ANONYMOUS FILE-SHARING ON NET

Winny creator denies abetting piracy

Kyodo

The creator of a program for anonymous file-sharing over the Internet pleaded not guilty in court Wednesday to charges that he developed the software knowing it would facilitate Net piracy.

Isamu Kaneko, 34, who developed the Winny peer-to-peer file-sharing program, is the first person in Japan to stand trial for creating software that can be used for the unauthorized reproduction of movies and video games over the Internet.

“The development and release of Winny was a technological experiment, and I had no intention of abetting copyright violations. I will fight to win an acquittal,” Kaneko told the Kyoto District Court.

“I believe I am innocent.”

Kaneko, an assistant at the University of Tokyo graduate school, allegedly said on a popular Net bulletin board that he would develop a program to allow users to trade files anonymously, possibly making it hard for authorities to track them down, a month before he made the program available on his Web site in May 2002.

Prosecutors said two computer users — a store employee in Takasaki, Gunma Prefecture, and a boy from the city of Matsuyama, Ehime Prefecture — used Winny to provide copyrighted materials, including movies and video games, to other users for free upload off the Internet last September.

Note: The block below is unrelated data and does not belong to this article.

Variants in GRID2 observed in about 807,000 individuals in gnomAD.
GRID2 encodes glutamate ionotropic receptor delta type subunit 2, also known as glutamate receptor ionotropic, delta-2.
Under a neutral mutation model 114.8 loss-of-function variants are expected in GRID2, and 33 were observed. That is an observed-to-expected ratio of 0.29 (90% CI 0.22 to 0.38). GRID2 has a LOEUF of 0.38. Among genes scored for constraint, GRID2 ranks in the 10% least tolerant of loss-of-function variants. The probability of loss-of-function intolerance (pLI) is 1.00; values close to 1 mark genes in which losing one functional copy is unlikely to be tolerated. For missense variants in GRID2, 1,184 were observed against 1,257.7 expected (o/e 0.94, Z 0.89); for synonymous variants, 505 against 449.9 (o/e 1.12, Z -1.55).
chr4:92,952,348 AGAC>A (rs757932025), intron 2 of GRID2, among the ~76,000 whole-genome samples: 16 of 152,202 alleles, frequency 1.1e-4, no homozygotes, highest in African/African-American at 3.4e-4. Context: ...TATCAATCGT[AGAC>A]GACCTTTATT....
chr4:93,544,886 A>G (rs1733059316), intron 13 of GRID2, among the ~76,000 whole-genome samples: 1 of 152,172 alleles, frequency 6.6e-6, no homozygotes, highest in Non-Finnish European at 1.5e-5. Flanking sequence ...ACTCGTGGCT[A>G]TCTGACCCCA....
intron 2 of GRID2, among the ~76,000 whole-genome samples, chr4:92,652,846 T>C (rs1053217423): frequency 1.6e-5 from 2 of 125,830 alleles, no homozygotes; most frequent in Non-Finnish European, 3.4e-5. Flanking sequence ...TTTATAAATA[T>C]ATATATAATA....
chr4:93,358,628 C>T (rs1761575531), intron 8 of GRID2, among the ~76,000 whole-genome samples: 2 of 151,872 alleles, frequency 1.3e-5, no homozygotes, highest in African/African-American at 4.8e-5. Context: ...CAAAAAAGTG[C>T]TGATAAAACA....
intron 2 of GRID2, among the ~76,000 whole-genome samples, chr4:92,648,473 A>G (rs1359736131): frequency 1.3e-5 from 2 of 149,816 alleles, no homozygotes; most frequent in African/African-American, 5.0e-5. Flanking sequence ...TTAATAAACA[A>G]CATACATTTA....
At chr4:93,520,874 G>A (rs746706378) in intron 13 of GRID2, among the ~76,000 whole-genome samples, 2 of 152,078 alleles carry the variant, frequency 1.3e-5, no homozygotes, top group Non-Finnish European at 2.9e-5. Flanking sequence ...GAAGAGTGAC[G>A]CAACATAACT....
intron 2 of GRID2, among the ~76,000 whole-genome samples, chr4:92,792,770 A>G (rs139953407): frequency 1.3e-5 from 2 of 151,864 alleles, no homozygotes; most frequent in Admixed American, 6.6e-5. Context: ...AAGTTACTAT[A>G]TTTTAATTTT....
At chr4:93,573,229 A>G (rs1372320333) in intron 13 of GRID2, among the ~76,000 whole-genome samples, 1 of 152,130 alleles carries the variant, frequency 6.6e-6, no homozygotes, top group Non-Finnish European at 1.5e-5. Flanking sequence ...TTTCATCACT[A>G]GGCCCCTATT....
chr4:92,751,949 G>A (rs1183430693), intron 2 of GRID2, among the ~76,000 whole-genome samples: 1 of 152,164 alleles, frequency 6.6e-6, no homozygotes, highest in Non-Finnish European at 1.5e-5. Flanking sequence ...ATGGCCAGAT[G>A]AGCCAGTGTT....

Winny allows users to swap files without revealing their IP addresses, which identify the locations of their computers on the Internet.

Commercial software makers and copyright protection organizations have said Winny is a tool for illegally reproducing software.

Prosecutors said Kaneko was fully aware he had developed a program to enable Internet piracy, quoting an e-mail that he allegedly sent to his family after releasing Winny in which he reportedly said, “software that can be put to wrongful use spreads without an advertisement.”

They also charge that Kaneko himself used Winny to reproduce large numbers of copyrighted materials, including animated films, and store them on his personal computer.

But his lawyers have argued that punishing Winny’s creator would infringe on the freedom of expression.

Kaneko’s counsel told the court that prosecutors failed to specify how their client helped the two computer users violate copyrights.

They also described Kaneko as a computer programmer with a “world-class brain” and argued that prosecuting him for developing Winny would discourage software development in Japan and encourage programmers to go overseas to pursue their careers.